A shocking 14% of students have reported being bullied at college in Ireland. This unsettling statistic emerged from research conducted by Ms. Lian McGuire at Trinity College Dublin and was reported in The Irish Examiner. Responding to an online questionnaire it was found that 24% of those bullied reported teaching staff as the perpetrators. The Irish Examiner, documenting Ms. McGuire’s findings, listed the culpable actions by college staff as unfair marking, hostile reception when bringing a problem to a tutor, work being ignored by tutors and persistent unwarranted criticism of work.
Simpson and Cohen (2004) in a paper addressing bullying in higher education listed similar examples of bullying such as work overload, unfair criticism and excessive monitoring. There is a fine line which students at third level institutions will be treading between keeping quiet in the hope of avoiding further bullying and being able to finish their education out, or, speaking out and stepping in to a potential legal minefield. In 2016 why is this still an ongoing issue?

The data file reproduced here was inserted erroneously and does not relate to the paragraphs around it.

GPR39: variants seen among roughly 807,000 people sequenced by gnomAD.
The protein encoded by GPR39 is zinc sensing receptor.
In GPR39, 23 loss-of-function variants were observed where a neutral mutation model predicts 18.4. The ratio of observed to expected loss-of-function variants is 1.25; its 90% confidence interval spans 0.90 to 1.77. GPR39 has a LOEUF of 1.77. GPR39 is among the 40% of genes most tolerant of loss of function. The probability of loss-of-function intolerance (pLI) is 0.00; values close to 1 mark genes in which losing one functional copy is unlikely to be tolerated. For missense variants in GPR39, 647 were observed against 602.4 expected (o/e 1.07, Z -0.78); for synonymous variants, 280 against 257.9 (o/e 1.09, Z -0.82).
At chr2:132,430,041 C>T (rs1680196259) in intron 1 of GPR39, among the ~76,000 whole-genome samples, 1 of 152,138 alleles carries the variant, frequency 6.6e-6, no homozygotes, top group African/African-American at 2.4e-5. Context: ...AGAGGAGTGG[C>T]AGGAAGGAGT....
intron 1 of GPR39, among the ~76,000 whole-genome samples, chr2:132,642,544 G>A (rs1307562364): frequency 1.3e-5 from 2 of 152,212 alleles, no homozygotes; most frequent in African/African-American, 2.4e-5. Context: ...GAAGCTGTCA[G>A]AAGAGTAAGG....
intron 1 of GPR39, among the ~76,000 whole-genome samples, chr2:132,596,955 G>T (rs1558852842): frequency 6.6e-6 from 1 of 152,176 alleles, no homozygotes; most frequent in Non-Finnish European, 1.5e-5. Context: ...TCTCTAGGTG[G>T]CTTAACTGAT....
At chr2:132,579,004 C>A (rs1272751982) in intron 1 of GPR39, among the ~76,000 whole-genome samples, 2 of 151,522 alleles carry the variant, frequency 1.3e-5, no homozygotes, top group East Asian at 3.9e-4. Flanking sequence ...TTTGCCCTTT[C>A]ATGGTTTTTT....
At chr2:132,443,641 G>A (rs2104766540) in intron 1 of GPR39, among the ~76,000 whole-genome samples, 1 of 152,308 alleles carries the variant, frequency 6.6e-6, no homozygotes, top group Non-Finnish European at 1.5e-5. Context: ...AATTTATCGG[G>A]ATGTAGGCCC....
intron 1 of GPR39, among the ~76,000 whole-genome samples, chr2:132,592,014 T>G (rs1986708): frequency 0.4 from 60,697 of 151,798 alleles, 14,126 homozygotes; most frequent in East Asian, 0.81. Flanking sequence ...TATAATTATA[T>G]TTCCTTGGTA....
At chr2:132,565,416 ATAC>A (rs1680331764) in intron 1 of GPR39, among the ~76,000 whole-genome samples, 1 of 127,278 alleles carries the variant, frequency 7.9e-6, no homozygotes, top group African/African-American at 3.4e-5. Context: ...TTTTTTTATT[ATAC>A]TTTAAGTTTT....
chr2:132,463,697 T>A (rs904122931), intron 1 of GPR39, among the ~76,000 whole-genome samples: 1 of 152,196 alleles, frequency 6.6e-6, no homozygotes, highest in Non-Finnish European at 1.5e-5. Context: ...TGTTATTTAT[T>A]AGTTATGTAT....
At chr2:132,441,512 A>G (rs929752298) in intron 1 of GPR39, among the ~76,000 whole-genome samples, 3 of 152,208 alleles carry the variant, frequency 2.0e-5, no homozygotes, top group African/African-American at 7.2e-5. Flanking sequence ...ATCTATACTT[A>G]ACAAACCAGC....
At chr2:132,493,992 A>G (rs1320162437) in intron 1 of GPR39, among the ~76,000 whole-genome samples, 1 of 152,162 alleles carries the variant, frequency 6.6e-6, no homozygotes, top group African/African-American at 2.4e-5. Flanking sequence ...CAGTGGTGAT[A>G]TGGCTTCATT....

From time to time I will receive enquiries about whether hypnosis can help college students who are experiencing bullying. The answer is yes. Hypnosis can help in a variety of ways such as the student being able to cope better, staying calm throughout their ordeals or finding confidence to address the issues with external parties if they choose to. However, even when students can remain positive while dealing with unacceptable behaviours at the hands of staff or other students the elephant remains in the room. Surely as a society we should be dealing with these problems at source and work to prevent bullying from arising in the first instance. Additionally, shouldn’t the consequences of academic bullying carry the same penalties as workplace bullying?
Academic bullying is nothing new and the emotional and physical consequences of bullying incidents at third level institutions remain largely undocumented. Whether this is due to lack of precedence in terms of positive outcomes for students, lack of financial means to pursue the perpetrators or any other reason isn’t it time we lifted the lid on academic bullying and, as Simpson and Cohen (2004) describe it, start ‘addressing the secrecy that has often surrounded the subject’.